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This may be a textbook question, but I'm considering how to design some classes that abstract the database connection away from a RESTful service that receives query results.

My thoughts are that to create a data access layer interface, then make a top level class that implements it and includes any operations that will be shared by all databases. Then, I'd implement concrete subclasses of this superclass (an adapter).

Seems straightforward to me, but some people I've bounced this off believe it may be more complicated.

For context, this is Java and the two DB's are MySQL and HBase. We already have data access layer (DAL) classes for MySQL. These don't use hibernate or spring; they construct db queries and create POJO instances from the results, manually.

So I guess my question has two parts:

1) is this as simple as I think?


2) is there a better approach?

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1 Answer 1

As it's the case with this kind of questions, the response can only be: it depends!

Based on what you are trying to achieve, this can be a complicated issue or can be a simpler one. You could go for a full fledged ORM tool like Hibernate or use a custom basic layer with low level JDBC constructs. It's whatever works for you given the kind of application you have.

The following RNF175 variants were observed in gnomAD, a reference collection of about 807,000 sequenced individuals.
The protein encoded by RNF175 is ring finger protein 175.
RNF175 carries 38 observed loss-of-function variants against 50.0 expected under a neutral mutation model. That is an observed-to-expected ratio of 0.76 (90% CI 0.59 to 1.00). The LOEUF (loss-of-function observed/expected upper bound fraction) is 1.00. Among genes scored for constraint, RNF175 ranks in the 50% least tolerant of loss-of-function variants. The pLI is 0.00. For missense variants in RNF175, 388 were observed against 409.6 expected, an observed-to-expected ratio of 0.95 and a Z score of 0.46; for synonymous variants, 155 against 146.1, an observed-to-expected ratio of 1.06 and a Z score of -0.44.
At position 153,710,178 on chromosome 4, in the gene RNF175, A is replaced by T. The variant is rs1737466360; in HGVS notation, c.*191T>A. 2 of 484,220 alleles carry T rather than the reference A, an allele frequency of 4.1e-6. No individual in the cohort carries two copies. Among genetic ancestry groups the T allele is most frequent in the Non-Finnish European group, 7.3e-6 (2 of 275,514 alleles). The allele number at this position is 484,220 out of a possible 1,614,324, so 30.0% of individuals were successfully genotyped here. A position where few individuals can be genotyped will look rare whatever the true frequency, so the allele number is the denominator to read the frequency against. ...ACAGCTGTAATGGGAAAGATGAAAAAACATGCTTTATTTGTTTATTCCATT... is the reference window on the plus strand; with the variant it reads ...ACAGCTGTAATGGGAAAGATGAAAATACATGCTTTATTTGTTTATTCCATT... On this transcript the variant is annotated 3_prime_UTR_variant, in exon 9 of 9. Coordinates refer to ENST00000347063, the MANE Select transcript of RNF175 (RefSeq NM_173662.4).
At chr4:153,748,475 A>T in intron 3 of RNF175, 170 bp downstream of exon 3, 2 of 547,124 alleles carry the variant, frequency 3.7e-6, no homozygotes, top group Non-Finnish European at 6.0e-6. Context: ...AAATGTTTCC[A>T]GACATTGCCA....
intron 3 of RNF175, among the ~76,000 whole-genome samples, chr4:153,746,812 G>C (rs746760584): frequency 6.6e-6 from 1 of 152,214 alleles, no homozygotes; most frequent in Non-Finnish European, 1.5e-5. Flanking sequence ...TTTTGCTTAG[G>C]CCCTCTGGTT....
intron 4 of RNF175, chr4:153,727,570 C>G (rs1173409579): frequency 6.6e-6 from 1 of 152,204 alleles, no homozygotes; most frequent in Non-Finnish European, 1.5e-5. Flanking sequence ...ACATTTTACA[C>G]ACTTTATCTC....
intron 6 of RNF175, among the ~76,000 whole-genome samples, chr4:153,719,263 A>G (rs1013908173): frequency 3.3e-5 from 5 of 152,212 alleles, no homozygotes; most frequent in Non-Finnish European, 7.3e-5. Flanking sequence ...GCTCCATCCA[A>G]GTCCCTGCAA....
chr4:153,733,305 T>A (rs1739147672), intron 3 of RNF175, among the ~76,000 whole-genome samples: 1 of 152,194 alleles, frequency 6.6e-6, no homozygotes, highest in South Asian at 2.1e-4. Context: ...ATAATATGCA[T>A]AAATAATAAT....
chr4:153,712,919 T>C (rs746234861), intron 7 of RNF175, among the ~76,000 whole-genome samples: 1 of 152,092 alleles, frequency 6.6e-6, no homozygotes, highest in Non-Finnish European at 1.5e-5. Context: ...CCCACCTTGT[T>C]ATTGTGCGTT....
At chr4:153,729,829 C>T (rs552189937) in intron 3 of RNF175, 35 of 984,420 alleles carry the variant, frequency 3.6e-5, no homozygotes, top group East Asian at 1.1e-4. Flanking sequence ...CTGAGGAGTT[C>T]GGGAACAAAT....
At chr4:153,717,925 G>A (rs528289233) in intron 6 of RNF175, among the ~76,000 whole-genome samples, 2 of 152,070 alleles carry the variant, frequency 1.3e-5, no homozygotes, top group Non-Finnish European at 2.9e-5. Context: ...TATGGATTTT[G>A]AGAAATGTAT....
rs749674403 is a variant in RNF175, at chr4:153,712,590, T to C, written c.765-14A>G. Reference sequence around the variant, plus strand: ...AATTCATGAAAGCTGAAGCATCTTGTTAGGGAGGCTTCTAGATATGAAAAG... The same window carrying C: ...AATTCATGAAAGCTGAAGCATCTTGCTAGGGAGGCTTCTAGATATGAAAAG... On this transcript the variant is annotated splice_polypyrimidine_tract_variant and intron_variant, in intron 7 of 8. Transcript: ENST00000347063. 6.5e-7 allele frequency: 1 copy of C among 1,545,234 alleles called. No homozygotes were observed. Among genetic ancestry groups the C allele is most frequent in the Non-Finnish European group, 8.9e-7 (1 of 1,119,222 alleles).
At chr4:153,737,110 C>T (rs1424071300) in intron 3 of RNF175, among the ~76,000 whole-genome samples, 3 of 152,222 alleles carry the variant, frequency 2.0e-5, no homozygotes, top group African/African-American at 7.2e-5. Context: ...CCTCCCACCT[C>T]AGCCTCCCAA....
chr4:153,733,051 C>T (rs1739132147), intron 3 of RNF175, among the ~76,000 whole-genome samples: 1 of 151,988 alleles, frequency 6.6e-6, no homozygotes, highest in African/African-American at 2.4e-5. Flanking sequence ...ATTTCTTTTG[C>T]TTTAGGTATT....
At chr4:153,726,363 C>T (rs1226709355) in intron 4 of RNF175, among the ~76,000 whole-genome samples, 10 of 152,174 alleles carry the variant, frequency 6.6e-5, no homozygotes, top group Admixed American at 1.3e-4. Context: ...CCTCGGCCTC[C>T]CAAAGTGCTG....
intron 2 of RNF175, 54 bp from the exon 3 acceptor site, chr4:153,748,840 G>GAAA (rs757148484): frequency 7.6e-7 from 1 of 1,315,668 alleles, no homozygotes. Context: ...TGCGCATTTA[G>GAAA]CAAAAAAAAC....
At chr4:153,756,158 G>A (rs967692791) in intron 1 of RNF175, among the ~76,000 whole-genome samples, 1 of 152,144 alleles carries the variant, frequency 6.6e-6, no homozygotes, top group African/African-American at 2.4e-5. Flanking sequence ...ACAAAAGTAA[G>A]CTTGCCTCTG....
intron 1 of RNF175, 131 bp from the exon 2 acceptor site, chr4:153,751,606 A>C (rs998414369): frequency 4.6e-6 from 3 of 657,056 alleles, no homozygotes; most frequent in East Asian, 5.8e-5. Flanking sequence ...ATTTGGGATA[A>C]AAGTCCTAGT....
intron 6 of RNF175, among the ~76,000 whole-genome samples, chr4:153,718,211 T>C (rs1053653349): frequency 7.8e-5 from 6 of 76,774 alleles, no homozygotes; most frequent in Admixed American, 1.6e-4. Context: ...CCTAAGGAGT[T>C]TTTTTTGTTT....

But don't ignore the fact that what you want to do is basically a reinvention of the wheel. This has been done before. You should either reuse the DAL you have if it does its job well, or go for an existing framework.

At this point the implementation you want is just a matter of choosing the proper tool. Don't just blindly chose one, analyze advantages and disadvantages of each then select the best one for the job (either yours or others).

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Just a personal preference, but also have a look at iBatis/myBatis –  Bogdan Dec 27 '12 at 16:50

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